The importance of the physical conditions, such as temperature and salinity, and the feeding conditions experienced by maturing salmon in the high seas, is one of the least studied aspects of salmon life history. In large part this is due to the difficulty and cost of collecting fish and measuring environmental conditions in the remote and inhospitable north Pacific where the salmon mature before their returning to their natal streams to spawn
The north Pacific has undergone large scale and long term changes in atmospheric and ocean conditions, controlled by the long term cycling between warm and cool phases of the Pacific Decadal Oscillation, and shorter term oscillations between El Niño and La Niña phases of the El Niño Southern Oscillation. The resultant shifts in physical conditions in the north Pacific significantly affect the abundance, composition and distribution of zooplankton (including krill and copepods) and micronekton (small pelagic fish and squid), the primary prey of salmon. There is growing evidence that these changes in prey availability, as well as inter-specific competition, are a significant factor in salmon production.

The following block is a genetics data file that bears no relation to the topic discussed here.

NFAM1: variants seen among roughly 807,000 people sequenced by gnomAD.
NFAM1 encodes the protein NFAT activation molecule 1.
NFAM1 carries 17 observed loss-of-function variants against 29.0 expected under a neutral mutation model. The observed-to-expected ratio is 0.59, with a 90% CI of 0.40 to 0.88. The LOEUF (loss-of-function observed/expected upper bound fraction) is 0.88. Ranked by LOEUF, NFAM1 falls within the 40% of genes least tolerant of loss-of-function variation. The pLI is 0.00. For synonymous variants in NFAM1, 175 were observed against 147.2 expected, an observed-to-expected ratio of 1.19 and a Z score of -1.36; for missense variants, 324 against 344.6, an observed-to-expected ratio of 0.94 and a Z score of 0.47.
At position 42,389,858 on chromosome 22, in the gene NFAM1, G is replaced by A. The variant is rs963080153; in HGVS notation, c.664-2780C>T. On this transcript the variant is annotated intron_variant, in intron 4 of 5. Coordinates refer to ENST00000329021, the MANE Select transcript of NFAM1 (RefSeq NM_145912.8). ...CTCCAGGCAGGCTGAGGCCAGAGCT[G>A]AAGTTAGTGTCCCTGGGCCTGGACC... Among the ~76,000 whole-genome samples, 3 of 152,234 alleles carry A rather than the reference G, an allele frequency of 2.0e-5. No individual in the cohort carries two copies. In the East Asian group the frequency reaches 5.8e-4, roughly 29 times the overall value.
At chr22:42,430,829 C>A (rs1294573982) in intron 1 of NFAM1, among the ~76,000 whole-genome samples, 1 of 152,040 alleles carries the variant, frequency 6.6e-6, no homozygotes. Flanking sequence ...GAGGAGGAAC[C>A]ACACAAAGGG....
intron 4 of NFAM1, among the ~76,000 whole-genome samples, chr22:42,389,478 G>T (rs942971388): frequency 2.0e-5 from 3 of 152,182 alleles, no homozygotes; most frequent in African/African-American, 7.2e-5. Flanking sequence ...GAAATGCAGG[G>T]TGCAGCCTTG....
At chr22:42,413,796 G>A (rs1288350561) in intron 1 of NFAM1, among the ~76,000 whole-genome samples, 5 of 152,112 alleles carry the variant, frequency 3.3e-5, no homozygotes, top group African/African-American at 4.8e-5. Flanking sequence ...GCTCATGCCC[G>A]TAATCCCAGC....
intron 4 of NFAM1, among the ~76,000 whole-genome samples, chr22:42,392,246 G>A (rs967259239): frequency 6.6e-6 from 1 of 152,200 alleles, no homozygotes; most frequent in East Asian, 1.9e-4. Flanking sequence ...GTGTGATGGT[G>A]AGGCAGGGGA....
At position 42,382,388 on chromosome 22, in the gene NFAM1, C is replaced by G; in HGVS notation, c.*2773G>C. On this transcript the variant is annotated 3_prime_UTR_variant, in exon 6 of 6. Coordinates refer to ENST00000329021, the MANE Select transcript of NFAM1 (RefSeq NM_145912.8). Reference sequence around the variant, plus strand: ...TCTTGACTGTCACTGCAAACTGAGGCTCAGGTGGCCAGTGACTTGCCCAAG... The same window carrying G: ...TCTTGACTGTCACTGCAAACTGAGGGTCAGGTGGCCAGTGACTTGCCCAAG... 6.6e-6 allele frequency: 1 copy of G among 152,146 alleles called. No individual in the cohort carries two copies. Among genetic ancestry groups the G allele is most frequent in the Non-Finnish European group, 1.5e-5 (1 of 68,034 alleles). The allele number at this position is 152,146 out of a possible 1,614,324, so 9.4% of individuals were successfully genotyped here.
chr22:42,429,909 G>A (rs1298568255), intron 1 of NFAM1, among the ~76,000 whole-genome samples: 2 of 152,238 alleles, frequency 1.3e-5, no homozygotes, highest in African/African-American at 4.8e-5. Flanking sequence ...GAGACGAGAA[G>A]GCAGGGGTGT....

The High Seas Food Webs Program collects returning adult fish, from both the pre and post spawn period. From each specimen collected we collect sample of scale, muscle and otoliths. These samples are returned to the lab where we measure the tissue stable isotope ratios as proxies for high seas conditions experienced by maturing salmon.
Through stock and species specific monitoring of tissue stable isotope values we aim to improve understanding of the role of high seas conditions in population fluctuations of BC salmon.
Photos by Billie Johnson
Variation in the carbon (δ13C) and nitrogen (δ15N) isotope ratios, and the elemental ratios of carbon and nitrogen (C:N), in the muscle tissue of returning Rivers Inlet sockeye salmon.